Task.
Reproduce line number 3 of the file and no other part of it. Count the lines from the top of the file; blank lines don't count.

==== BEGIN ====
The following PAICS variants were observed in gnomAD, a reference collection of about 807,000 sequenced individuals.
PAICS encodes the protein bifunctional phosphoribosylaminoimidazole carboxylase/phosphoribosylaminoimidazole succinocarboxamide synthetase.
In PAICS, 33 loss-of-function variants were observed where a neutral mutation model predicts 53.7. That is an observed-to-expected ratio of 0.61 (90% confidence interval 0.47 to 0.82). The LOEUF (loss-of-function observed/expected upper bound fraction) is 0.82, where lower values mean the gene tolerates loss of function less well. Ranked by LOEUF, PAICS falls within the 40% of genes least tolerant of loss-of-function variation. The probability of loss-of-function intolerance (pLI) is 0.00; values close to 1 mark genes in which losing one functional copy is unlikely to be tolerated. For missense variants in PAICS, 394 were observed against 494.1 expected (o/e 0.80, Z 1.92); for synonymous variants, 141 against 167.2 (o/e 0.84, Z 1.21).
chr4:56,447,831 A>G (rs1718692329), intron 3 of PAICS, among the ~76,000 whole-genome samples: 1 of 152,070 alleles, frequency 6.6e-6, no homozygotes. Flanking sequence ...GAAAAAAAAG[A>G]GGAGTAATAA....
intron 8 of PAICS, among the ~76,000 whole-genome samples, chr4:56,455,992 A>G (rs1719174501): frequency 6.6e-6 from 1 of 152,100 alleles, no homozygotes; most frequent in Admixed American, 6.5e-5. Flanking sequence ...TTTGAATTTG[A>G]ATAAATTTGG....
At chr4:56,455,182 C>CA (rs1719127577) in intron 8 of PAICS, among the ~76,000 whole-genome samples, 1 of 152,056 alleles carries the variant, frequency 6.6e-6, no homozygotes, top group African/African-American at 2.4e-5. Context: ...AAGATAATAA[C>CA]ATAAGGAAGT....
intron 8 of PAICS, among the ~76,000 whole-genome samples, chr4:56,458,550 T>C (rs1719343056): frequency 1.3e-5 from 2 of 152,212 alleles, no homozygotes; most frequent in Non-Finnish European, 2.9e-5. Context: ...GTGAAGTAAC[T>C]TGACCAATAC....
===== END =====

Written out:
In PAICS, 33 loss-of-function variants were observed where a neutral mutation model predicts 53.7. That is an observed-to-expected ratio of 0.61 (90% confidence interval 0.47 to 0.82). The LOEUF (loss-of-function observed/expected upper bound fraction) is 0.82, where lower values mean the gene tolerates loss of function less well. Ranked by LOEUF, PAICS falls within the 40% of genes least tolerant of loss-of-function variation. The probability of loss-of-function intolerance (pLI) is 0.00; values close to 1 mark genes in which losing one functional copy is unlikely to be tolerated. For missense variants in PAICS, 394 were observed against 494.1 expected (o/e 0.80, Z 1.92); for synonymous variants, 141 against 167.2 (o/e 0.84, Z 1.21).